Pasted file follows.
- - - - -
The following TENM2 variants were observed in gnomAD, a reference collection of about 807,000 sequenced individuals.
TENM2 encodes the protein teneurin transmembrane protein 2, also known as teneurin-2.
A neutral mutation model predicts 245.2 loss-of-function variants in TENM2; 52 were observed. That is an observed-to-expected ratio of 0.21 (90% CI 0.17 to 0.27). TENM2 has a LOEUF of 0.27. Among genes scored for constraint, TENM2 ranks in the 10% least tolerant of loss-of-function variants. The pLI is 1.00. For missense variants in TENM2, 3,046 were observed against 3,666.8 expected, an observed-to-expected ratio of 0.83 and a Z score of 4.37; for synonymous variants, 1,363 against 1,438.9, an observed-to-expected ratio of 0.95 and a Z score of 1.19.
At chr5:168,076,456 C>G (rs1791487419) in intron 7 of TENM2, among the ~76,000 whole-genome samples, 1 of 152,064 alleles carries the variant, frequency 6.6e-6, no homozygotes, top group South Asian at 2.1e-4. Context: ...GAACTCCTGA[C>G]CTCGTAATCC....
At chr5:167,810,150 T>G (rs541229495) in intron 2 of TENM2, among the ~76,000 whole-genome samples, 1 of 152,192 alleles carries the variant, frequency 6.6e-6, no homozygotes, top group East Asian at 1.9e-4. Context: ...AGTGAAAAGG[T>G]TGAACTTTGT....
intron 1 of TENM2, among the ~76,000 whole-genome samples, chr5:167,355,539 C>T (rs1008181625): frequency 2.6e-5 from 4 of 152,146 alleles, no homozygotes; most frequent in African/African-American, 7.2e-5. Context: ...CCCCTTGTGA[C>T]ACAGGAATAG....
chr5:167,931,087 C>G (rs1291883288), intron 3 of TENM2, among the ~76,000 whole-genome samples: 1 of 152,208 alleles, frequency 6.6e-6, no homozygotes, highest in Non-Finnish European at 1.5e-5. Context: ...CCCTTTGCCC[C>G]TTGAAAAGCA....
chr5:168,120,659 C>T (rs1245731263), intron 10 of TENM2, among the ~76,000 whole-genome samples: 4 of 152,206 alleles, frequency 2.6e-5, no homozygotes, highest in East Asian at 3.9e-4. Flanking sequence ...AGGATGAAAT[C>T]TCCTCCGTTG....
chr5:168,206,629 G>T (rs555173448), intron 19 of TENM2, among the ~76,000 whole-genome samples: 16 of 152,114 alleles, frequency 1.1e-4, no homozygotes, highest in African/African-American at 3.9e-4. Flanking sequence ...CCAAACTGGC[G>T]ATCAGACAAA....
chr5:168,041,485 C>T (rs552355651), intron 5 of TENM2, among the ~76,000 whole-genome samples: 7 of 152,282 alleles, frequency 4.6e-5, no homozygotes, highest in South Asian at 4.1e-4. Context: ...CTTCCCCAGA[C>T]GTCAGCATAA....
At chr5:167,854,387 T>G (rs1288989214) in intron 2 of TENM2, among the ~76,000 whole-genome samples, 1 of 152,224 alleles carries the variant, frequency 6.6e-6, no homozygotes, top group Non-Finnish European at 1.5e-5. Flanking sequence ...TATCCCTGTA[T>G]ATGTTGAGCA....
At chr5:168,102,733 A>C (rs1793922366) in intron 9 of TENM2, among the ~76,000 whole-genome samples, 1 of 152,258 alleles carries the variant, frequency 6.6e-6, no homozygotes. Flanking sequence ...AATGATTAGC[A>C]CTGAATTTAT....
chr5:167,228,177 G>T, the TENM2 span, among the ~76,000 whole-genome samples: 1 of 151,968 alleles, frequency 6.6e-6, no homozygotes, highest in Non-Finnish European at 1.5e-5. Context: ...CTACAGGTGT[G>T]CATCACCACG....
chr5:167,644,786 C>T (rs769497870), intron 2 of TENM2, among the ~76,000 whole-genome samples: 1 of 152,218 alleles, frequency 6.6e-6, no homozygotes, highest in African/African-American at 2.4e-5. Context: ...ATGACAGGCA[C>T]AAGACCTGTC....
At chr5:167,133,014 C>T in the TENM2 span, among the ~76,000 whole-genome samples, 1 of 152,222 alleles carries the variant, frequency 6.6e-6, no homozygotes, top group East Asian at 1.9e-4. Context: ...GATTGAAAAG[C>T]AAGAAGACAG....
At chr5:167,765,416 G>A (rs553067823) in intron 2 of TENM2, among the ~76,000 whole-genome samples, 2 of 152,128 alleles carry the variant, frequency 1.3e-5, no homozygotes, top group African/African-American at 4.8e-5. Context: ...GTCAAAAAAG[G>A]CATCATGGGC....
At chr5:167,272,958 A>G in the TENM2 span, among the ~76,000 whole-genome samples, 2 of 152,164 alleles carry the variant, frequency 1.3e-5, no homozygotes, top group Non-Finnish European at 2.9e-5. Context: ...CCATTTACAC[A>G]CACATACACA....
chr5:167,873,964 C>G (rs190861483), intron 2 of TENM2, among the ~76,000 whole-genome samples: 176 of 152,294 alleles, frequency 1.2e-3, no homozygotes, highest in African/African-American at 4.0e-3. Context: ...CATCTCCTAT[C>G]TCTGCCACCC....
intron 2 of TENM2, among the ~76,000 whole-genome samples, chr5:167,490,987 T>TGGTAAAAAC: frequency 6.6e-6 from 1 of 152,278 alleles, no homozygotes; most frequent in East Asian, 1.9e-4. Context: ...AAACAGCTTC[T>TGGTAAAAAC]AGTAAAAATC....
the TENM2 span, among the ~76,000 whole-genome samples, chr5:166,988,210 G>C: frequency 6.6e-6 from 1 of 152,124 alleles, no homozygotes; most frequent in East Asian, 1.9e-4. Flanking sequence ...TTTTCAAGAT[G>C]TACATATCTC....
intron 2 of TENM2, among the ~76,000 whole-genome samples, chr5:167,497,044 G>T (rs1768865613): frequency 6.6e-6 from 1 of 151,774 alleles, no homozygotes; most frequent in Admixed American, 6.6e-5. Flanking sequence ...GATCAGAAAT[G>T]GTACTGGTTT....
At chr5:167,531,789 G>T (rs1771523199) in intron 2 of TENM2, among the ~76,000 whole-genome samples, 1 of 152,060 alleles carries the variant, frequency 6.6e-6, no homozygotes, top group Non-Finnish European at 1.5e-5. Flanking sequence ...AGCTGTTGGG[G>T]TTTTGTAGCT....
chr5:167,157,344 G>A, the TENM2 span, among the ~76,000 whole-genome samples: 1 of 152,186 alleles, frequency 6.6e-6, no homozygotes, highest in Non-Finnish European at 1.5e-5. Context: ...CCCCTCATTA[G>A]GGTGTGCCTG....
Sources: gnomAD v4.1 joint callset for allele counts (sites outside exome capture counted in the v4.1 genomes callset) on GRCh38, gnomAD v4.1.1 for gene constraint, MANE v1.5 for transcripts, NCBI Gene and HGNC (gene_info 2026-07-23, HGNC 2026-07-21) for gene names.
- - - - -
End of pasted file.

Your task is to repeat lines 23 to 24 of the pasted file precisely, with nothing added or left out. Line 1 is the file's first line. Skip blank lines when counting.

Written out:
chr5:167,157,344 G>A, the TENM2 span, among the ~76,000 whole-genome samples: 1 of 152,186 alleles, frequency 6.6e-6, no homozygotes, highest in Non-Finnish European at 1.5e-5. Context: ...CCCCTCATTA[G>A]GGTGTGCCTG....
Sources: gnomAD v4.1 joint callset for allele counts (sites outside exome capture counted in the v4.1 genomes callset) on GRCh38, gnomAD v4.1.1 for gene constraint, MANE v1.5 for transcripts, NCBI Gene and HGNC (gene_info 2026-07-23, HGNC 2026-07-21) for gene names.